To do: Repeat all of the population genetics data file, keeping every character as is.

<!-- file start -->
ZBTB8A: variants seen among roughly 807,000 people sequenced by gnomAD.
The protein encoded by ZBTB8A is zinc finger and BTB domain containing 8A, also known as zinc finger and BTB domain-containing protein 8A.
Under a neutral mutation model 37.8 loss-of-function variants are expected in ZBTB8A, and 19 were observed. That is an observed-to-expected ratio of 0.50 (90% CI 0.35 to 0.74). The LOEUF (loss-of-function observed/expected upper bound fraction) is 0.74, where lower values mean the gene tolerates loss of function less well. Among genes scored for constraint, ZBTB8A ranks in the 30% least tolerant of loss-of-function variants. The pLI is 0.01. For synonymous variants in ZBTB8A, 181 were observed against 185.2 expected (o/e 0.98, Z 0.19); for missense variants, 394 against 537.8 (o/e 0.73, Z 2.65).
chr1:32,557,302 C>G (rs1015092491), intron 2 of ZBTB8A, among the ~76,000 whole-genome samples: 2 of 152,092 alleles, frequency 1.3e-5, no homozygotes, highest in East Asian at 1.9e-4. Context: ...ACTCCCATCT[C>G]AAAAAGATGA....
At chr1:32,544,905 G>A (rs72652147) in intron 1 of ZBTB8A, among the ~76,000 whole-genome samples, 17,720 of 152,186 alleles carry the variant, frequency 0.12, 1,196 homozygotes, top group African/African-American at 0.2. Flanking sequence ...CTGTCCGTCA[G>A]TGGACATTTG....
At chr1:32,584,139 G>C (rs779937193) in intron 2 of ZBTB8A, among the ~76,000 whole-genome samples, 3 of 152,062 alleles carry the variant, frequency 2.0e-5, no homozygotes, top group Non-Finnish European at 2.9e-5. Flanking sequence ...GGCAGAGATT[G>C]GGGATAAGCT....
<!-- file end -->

ZBTB8A: variants seen among roughly 807,000 people sequenced by gnomAD.
The protein encoded by ZBTB8A is zinc finger and BTB domain containing 8A, also known as zinc finger and BTB domain-containing protein 8A.
Under a neutral mutation model 37.8 loss-of-function variants are expected in ZBTB8A, and 19 were observed. That is an observed-to-expected ratio of 0.50 (90% CI 0.35 to 0.74). The LOEUF (loss-of-function observed/expected upper bound fraction) is 0.74, where lower values mean the gene tolerates loss of function less well. Among genes scored for constraint, ZBTB8A ranks in the 30% least tolerant of loss-of-function variants. The pLI is 0.01. For synonymous variants in ZBTB8A, 181 were observed against 185.2 expected (o/e 0.98, Z 0.19); for missense variants, 394 against 537.8 (o/e 0.73, Z 2.65).
chr1:32,557,302 C>G (rs1015092491), intron 2 of ZBTB8A, among the ~76,000 whole-genome samples: 2 of 152,092 alleles, frequency 1.3e-5, no homozygotes, highest in East Asian at 1.9e-4. Context: ...ACTCCCATCT[C>G]AAAAAGATGA....
At chr1:32,544,905 G>A (rs72652147) in intron 1 of ZBTB8A, among the ~76,000 whole-genome samples, 17,720 of 152,186 alleles carry the variant, frequency 0.12, 1,196 homozygotes, top group African/African-American at 0.2. Flanking sequence ...CTGTCCGTCA[G>A]TGGACATTTG....
At chr1:32,584,139 G>C (rs779937193) in intron 2 of ZBTB8A, among the ~76,000 whole-genome samples, 3 of 152,062 alleles carry the variant, frequency 2.0e-5, no homozygotes, top group Non-Finnish European at 2.9e-5. Flanking sequence ...GGCAGAGATT[G>C]GGGATAAGCT....